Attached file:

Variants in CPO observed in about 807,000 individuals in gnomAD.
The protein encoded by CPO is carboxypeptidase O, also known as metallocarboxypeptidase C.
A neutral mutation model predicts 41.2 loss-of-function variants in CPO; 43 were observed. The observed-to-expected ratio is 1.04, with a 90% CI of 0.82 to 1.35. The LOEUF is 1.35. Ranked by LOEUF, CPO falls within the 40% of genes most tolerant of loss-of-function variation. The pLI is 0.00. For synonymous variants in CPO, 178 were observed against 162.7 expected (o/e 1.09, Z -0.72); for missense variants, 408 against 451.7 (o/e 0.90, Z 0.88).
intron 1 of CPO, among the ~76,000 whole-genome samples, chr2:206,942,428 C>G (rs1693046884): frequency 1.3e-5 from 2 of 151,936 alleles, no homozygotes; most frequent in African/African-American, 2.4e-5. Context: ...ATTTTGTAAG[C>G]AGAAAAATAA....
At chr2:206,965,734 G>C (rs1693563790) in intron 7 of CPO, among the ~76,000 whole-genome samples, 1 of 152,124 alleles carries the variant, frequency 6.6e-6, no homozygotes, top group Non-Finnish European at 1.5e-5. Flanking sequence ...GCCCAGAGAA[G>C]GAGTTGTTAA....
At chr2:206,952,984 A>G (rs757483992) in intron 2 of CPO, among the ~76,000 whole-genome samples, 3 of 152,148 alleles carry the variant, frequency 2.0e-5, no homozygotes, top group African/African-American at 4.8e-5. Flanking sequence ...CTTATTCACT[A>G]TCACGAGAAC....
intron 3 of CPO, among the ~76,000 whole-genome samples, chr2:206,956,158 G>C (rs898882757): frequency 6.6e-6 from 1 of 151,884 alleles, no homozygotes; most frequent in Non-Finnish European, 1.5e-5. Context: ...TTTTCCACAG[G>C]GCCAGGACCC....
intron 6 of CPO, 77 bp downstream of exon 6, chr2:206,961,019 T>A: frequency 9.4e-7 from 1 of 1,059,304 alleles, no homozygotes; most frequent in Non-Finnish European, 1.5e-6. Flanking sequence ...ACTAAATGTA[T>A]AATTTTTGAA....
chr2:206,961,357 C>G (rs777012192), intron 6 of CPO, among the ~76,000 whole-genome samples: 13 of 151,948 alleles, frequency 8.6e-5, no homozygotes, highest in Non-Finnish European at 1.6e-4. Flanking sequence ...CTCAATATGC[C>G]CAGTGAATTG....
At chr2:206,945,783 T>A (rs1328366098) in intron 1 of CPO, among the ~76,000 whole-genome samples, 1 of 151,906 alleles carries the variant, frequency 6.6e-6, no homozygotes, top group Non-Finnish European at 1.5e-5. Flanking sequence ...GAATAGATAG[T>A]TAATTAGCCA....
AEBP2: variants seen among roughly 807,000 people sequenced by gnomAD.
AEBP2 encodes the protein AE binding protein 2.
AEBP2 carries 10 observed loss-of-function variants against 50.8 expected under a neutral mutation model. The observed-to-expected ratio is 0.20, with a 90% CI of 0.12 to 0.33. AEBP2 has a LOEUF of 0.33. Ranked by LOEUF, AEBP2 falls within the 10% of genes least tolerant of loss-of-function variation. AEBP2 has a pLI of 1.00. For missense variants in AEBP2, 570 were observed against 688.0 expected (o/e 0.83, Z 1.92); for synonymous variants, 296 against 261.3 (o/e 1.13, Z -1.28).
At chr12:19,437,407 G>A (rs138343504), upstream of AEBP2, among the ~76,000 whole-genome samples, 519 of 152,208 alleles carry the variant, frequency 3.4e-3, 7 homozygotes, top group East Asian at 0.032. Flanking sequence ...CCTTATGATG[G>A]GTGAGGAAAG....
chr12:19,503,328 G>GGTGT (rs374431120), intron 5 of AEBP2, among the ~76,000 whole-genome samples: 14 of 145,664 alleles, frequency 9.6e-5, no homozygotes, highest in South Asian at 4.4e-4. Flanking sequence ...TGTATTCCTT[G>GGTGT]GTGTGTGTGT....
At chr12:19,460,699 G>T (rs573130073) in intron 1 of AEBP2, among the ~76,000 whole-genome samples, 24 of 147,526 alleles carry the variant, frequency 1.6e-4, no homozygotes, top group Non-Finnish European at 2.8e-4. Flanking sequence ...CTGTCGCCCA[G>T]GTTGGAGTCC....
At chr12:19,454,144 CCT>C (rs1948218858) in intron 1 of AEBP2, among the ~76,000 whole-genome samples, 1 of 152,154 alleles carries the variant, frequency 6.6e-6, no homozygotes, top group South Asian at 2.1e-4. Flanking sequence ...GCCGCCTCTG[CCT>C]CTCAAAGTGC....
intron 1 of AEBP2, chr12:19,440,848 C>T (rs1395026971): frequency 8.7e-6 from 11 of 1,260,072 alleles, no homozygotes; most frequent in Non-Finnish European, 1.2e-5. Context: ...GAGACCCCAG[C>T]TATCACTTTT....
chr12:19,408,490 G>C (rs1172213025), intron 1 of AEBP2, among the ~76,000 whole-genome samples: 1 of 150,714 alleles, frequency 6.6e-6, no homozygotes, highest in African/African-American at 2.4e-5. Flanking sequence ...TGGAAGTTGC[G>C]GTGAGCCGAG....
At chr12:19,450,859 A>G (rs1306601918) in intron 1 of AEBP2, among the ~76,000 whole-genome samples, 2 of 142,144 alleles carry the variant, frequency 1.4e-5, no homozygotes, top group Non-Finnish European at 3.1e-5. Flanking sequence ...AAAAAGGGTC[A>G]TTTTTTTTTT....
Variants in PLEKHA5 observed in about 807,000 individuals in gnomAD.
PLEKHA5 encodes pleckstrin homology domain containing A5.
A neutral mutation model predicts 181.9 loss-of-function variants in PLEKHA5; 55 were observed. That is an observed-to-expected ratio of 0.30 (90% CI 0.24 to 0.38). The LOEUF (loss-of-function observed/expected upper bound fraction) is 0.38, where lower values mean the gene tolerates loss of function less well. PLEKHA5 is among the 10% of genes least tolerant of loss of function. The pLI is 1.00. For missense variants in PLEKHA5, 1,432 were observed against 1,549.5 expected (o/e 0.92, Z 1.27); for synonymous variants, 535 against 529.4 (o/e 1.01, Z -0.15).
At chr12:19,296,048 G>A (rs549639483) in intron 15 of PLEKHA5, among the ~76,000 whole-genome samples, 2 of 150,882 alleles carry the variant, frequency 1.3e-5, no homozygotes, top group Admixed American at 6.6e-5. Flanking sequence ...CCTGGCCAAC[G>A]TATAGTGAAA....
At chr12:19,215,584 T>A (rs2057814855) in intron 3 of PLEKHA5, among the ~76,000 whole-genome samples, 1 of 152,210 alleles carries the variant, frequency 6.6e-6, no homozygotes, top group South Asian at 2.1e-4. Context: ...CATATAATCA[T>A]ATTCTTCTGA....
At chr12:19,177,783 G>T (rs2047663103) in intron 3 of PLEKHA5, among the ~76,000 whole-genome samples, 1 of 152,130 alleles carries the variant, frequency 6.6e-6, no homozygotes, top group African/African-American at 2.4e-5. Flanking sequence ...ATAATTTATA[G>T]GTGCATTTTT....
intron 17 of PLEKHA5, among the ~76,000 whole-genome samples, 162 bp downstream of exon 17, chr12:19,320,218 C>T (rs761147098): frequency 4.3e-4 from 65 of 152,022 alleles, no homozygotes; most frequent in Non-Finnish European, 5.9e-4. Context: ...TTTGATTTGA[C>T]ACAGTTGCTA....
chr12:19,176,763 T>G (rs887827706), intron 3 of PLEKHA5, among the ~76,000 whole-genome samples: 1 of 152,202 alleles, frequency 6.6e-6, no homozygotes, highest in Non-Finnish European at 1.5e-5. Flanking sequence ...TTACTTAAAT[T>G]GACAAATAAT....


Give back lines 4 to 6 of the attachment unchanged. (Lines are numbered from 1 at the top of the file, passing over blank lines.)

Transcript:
intron 1 of CPO, among the ~76,000 whole-genome samples, chr2:206,942,428 C>G (rs1693046884): frequency 1.3e-5 from 2 of 151,936 alleles, no homozygotes; most frequent in African/African-American, 2.4e-5. Context: ...ATTTTGTAAG[C>G]AGAAAAATAA....
At chr2:206,965,734 G>C (rs1693563790) in intron 7 of CPO, among the ~76,000 whole-genome samples, 1 of 152,124 alleles carries the variant, frequency 6.6e-6, no homozygotes, top group Non-Finnish European at 1.5e-5. Flanking sequence ...GCCCAGAGAA[G>C]GAGTTGTTAA....
At chr2:206,952,984 A>G (rs757483992) in intron 2 of CPO, among the ~76,000 whole-genome samples, 3 of 152,148 alleles carry the variant, frequency 2.0e-5, no homozygotes, top group African/African-American at 4.8e-5. Flanking sequence ...CTTATTCACT[A>G]TCACGAGAAC....